Be a generalist in your specialty.
I am Phil Tran, championship-winning high school football and strength coach, owner of PT Strength, and NHSSCA Maryland Coach of the Year.
The generalist vs. specialist debate is an ongoing debate in all industries. The consensus by business consultants, career advisors, and executive coaches is to be a specialist. I agree.
For example, a general practitioner in the medical field will almost always earn less money than a specialist like a neurologist, optometrist, or podiatrist. A general practitioner in the legal field will almost always earn less money than a specialist like an estate attorney, sports attorney, or tax attorney. A personal trainer who serves all populations will almost always earn less money and have less reach than those who have niches like the elderly, special populations, women, or athletes.
The old adage is true. You can be a “jack of all trades and a master of none.”
I will qualify my agreement however, and state that within your specialty, you need to be a generalist in your specialty.
Let me explain from a football coaching standpoint. I think we can all agree that football coaching is a very specialized profession in the grand scheme. Yet, within this speciality, you have even more specialties. You have position coaches for quarterbacks, running backs, wide receivers, offensive line, defensive line, linebackers, defensive backs, and specialists. In some systems, the specialties within this speciality of a profession are even more specialized with inside and outside receiver coaches, inside and outside linebacker coaches, cornerback and safety coaches, and tight end coaches.
I heard a joke once that said that tight end coaches have the easiest job on the football field. They handle at most three players and their job is basically done after the individual period of practice.
Now, many teams don’t even employ tight ends or fullbacks. We live in a passing era where some teams see the need for not one wide receivers coach, but a need for an outside receivers coach and an inside receivers coach. Try hanging your hat on the narrowest of niches by saying that you coach inside receivers as your life’s calling and that is all you do.
Football coaches, if you want to expand your coaching opportunities and even be a head coach of your own high school program someday, you need to know a little bit of everything in the game. You need to be a generalist in your specialty.
I was a college football running back for Baylor University. I know running back play very well. However, if that was the only position I know, my employment opportunities will be extremely limited as a position coach. Also, I certainly will never move up to offensive coordinator, much less head coach.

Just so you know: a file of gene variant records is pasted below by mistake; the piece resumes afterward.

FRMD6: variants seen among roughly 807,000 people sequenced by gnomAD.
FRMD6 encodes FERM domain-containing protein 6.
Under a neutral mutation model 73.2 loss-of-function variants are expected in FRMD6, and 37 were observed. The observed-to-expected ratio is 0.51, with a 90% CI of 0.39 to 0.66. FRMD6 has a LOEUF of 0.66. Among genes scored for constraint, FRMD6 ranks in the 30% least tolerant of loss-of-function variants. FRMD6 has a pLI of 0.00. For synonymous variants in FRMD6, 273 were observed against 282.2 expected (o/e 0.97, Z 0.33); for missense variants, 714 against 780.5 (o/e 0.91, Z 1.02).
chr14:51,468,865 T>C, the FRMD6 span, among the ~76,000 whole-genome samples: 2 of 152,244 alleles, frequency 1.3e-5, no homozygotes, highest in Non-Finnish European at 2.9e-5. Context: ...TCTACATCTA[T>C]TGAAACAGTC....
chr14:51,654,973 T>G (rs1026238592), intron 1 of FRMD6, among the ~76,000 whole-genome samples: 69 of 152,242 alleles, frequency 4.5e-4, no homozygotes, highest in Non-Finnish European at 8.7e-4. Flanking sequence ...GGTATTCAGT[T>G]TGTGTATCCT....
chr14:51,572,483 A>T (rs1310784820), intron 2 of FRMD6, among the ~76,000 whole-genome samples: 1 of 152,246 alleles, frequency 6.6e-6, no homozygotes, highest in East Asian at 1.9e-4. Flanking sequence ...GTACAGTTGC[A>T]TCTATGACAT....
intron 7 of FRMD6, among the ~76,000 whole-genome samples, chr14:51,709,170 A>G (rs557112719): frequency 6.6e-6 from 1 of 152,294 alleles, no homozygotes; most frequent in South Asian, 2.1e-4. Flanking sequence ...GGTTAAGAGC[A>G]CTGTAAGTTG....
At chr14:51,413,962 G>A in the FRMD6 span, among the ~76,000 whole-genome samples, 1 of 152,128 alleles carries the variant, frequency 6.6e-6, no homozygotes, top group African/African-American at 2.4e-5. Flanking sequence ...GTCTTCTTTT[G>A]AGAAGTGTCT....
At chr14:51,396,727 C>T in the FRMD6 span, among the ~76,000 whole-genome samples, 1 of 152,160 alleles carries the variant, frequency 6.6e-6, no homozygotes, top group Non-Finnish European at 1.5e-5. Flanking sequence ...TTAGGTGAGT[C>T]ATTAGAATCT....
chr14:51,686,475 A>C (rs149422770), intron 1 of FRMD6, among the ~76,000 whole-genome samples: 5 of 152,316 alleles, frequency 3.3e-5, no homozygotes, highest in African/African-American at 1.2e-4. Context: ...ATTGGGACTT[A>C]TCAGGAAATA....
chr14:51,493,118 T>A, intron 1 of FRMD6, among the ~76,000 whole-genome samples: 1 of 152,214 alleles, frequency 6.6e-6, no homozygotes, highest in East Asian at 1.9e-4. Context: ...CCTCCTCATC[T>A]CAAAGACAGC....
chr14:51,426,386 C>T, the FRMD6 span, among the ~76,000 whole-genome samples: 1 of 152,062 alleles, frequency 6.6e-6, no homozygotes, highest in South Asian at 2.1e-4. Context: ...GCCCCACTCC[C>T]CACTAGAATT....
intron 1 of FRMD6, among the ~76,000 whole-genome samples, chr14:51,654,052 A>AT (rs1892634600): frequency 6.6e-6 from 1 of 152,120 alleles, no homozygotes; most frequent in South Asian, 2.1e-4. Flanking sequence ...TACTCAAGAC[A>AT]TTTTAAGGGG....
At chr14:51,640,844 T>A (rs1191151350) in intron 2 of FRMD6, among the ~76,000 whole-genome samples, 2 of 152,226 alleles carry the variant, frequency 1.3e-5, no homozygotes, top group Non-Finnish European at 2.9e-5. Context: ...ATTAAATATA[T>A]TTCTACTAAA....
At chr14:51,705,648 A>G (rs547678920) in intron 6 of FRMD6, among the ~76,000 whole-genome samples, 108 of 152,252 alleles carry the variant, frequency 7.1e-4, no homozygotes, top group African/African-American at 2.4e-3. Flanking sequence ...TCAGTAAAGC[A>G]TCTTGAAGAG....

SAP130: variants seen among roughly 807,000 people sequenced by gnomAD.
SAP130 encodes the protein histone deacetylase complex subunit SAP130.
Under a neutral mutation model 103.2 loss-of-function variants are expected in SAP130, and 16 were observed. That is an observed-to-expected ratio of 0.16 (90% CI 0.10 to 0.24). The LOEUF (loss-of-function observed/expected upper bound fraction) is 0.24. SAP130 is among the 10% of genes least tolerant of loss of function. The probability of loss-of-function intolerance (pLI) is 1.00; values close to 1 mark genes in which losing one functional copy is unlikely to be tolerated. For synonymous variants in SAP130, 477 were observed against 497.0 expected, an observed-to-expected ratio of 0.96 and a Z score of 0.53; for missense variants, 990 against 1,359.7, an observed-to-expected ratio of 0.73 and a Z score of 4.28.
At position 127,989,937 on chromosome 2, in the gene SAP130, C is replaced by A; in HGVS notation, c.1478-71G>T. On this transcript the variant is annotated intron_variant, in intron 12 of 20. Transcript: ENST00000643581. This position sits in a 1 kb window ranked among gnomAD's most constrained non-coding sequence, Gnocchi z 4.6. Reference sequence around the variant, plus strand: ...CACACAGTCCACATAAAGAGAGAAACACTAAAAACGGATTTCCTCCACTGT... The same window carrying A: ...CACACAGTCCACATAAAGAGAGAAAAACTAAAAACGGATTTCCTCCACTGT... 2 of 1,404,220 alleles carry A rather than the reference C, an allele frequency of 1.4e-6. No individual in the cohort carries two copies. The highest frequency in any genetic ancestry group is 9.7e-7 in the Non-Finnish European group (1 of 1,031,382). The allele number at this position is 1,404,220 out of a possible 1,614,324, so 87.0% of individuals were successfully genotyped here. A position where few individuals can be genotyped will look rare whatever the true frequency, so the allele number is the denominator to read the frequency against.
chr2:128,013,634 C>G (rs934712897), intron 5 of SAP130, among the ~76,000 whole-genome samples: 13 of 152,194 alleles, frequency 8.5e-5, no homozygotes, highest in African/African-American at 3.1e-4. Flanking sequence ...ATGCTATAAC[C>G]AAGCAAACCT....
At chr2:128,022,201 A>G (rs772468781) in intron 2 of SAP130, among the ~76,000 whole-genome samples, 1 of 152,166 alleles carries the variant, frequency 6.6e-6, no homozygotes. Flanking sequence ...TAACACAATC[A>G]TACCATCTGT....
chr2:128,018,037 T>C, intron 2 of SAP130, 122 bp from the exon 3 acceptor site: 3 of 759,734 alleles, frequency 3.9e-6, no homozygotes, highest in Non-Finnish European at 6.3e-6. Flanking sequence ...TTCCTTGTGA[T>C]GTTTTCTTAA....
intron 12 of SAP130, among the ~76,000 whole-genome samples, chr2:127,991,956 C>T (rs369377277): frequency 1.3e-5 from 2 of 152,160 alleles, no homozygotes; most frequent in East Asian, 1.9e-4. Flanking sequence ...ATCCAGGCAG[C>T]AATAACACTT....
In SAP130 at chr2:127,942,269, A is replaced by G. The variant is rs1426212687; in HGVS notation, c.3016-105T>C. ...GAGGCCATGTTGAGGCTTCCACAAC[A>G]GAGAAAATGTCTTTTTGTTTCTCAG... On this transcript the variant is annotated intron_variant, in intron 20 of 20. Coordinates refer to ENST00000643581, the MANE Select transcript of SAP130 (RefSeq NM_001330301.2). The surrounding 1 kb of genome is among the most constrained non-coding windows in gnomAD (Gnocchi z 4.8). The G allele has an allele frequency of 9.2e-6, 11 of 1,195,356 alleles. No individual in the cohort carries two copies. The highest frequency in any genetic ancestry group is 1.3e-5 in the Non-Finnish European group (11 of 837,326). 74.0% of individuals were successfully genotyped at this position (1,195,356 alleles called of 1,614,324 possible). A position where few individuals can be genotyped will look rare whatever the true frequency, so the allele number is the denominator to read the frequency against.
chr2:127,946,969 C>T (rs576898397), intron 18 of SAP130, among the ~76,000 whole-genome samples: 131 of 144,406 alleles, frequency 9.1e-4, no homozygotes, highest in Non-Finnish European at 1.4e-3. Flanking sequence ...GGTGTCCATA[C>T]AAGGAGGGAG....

For all elite athletes turned coaches, we all have a particular position in our sport which we know better than all the others. However, if we want to be the best coaches we can be, we need to know a little bit about all the positions.
In my coaching career at all levels, I have been a quarterbacks coach, running backs coach, wide receivers coach, defensive backs coach, linebackers coach, kickers coach, offensive coordinator, special teams coordinator, and I have also filled in as offensive and defensive line coach to cover for coaching absences. Beyond coaching on the field, I have also developed unique specialties and niches on a football team like being a strength coach, a statistician, analytics guru, opponent scout, parent liaison, team photographer, videographer for practices, PA announcer for under squad games, disc jockey for pregames, character coach, and, my favorite, Bible study leader.
Being able and willing to serve in all roles and all capacities on a football team has made me a much better football coach and has maximized my coaching opportunities.
Being a generalist in your specialty rings true for other professions as well.
If you are a photographer who mainly covers sporting events, being able to cover the occasional corporate event can maximize your opportunities and sharpen your skills. If you are a tax attorney who primarily works with corporate clients, being able to work with families and individuals as well can broaden your perspective.
For strength coaches working with athletes, which is already a specialized niche, strength is strength at the end of the day. Don’t restrict yourself to just one sport or one gender. Being able to work with girls and boys successfully in all sports will maximize your professional development, broaden your employment opportunities, and expand your impact.
Yes, specialists earn more than generalists. You can’t speak to everyone. People will pay more for specialists in their industry. Do specialize and find a market that is yours to dominate. However, don’t get so specialized in your specialty that you restrict your market.
I hope this has been helpful. Follow me on all major social media platforms at PhilTran22. Subscribe to my YouTube channel at PhilTran22 to receive my videos first. I am Phil Tran saying so long.